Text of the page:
Author Maurice Sendak has had to fight for his story Where the Wild Things Are since he first offered it to publishers. The 1963 book has been praised, criticized, and even banned from some libraries over the years, but the story of a young boy escaping into a world of fantasy to avoid his problems is now considered a classic. In a recent Newsweek interview, Sendak said that Spike Jonze's big-screen adaptation of the book was true to the core elements of his book.
The truth of the matter is, I saw immediately a combination of things that I wanted and I loved. The courage of the child, the danger of the situation — it could turn on a dime. They could have eaten him. All of that was apparent right from the start.
When he was asked if Where the Wild Things Are is too scary for children, the same fire with which Sendak has defended his book over the years boiled to the surface regarding Jonze's film.
I would tell them to go to hell. That's a question I will not tolerate. If they can't handle it, go home. Or wet your pants. Do whatever you like. But it's not a question that can be answered.
Where the Wild Things Are stars Max Records, Catherine Keener, and Mark Ruffalo. It also features the voice talents of James Gandolfini, Catherine O'Hara, Forest Whitaker, and Lauren Ambrose. Posted 10.10.09 by BrentJS
We've just added five new posters for Where the Wild Things Are, which comes out on October 16. These posters give a closer look at the careful CGI work.
If you missed our last post on the movie, director Spike Jonze did recording sessions with actors, then filmed on location with different actors in suits. Only after this did he employ any kind of CGI, and as you can see, it was only to enhance the facial expressions of the creatures.
We've said it before, but we'll say it again: We're very excited about this movie, especially in the promised IMAX.
Where the Wild Things Are features in-the-flesh performances from Catherine Keener, Mark Ruffalo, and Max Records as the protagonist. Voice talent includes Lauren Ambrose, Chris Cooper, James Gandolfini, Catherina O'Hara, Forest Whitaker, and Paul Dano. Posted 09.18.09 by reelz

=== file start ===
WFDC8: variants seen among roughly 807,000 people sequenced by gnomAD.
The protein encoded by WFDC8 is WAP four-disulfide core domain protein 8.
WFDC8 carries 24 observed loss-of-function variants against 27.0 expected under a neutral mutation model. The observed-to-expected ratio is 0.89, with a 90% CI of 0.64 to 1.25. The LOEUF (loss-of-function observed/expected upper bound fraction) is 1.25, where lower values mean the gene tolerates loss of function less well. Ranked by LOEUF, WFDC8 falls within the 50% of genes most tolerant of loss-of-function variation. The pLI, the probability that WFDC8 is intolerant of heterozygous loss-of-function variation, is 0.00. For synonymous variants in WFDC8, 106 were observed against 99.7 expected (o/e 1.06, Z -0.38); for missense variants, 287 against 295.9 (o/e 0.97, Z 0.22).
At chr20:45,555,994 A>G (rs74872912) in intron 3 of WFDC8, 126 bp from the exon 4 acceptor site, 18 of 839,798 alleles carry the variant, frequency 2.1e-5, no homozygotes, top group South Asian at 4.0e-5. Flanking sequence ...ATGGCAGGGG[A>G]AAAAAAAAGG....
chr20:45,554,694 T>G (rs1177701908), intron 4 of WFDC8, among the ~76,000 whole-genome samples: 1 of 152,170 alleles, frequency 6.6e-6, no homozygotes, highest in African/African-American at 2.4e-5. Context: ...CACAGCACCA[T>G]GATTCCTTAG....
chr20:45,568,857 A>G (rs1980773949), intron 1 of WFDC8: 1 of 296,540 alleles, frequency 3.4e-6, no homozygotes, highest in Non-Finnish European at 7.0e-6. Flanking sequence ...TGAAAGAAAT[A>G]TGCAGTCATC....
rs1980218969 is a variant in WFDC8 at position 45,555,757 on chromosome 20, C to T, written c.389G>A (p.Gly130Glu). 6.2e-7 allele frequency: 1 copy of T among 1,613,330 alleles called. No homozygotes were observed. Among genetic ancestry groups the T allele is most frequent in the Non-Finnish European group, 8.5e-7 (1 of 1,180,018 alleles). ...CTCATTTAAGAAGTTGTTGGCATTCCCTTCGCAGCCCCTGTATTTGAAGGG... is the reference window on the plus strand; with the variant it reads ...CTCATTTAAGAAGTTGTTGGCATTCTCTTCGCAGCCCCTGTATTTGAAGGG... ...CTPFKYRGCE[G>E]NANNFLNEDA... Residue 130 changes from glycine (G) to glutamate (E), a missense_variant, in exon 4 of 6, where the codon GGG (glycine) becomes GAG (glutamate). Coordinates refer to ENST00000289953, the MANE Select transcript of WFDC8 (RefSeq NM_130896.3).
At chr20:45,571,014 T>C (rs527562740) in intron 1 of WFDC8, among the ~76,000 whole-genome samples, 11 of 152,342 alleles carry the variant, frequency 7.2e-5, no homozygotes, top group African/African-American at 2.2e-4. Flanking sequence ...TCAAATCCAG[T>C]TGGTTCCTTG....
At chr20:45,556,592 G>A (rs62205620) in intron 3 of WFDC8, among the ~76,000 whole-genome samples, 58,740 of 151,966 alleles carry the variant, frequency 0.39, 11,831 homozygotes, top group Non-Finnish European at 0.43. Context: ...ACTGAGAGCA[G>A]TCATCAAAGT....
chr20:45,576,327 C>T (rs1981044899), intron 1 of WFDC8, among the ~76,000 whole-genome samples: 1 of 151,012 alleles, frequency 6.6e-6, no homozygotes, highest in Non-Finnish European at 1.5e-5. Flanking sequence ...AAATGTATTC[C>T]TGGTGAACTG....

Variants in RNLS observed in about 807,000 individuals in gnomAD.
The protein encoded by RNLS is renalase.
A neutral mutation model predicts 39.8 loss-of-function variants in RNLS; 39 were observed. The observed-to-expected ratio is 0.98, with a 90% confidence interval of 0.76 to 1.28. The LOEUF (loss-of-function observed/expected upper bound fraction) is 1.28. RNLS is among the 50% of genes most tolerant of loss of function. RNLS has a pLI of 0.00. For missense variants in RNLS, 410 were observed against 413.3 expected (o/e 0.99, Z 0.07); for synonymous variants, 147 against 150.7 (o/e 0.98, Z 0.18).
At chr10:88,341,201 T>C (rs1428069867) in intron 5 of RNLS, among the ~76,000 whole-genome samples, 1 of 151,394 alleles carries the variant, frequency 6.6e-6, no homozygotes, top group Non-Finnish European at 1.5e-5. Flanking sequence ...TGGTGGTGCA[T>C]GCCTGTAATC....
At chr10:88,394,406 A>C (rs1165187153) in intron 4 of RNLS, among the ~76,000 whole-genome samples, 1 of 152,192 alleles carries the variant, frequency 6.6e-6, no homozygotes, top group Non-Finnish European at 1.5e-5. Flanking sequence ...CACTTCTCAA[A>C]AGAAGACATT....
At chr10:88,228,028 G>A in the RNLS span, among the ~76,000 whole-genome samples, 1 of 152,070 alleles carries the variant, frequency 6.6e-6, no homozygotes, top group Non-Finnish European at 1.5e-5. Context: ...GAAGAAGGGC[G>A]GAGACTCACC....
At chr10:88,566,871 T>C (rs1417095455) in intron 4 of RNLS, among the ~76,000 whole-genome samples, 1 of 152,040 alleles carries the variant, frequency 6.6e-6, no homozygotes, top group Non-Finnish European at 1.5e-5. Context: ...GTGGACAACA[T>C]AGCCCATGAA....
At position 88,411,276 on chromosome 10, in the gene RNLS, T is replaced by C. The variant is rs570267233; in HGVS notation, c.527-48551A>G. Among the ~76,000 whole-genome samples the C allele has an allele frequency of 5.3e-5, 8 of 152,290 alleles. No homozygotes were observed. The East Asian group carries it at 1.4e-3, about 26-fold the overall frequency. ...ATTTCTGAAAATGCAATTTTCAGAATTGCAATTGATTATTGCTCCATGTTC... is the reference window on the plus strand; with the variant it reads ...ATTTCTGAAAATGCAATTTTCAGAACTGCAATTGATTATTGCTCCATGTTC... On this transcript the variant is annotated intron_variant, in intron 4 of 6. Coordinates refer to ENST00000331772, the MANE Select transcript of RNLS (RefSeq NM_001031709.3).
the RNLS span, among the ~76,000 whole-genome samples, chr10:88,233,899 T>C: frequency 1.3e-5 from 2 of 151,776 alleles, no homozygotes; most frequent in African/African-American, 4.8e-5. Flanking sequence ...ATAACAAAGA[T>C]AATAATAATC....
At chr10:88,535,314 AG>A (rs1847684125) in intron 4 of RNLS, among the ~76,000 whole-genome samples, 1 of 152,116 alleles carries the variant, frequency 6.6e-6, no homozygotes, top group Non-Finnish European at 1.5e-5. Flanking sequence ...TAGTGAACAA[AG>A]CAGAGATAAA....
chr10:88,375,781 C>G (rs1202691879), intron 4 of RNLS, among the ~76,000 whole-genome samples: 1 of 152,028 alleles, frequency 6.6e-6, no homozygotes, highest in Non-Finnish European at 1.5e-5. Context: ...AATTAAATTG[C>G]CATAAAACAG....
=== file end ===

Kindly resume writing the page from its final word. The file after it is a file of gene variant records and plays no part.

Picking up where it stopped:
Just the other day, Warner Bros. released two new TV spots for Spike Jonze's adaptation of Maurice Sendak's classic children's book Where the Wild Things Are. Here's a little something to go along with that: The New York Times has published five new images from the movie as part of an interactive multimedia feature.
In the corresponding article, Jonze spoke with Times free-lancer Dennis Lim about the movie.
I wanted it to be as natural feeling as possible. I wanted to shoot the wild things in camera: on location, out in the wild ... [My goal was to] maintain this feeling I had reading the book as a kid. Those drawings are so immersive, you just fall into them ... Maybe it's because I've known [the creatures] since I existed, basically, but my feeling is that they've always existed as creatures in the world.
The article also discusses Jonze's movie-making process, which included voice-recording sessions with actors, filming on location with different actors, and digital manipulation for facial expressions.
Where the Wild Things Are opens on October 16 and features in-the-flesh performances from Catherine Keener, Mark Ruffalo, and Max Records as the protagonist. Voice talent includes Lauren Ambrose, Chris Cooper, James Gandolfini, Catherina O'Hara, Forest Whitaker, and Paul Dano. Posted 09.15.09 by reelz
This movie just keeps looking better and better. Check out the new TV spots recently released for Spike Jonze's adaptation of Maurice Sendak's classic children's book Where the Wild Things Are. Posted 09.14.09 by reelz
Four brand new character banners depicting Max (played by Max Records) and three of his friends from the upcoming Where the Wild Things Are movie have been released on MySpace. Incredibly detailed, the images bring to life characters created by author Maurice Sendak in his classic 1963 book of the same name. In both, Max escapes into a world of fantasy by donning a wolf costume.
Where the Wild Things Are is directed by Spike Jonze and stars Catherine Keener and Mark Ruffalo. It also features the voice talents of James Gandolfini, Catherine O'Hara, Forest Whitaker, and Lauren Ambrose. Posted 09.11.09 by BrentJS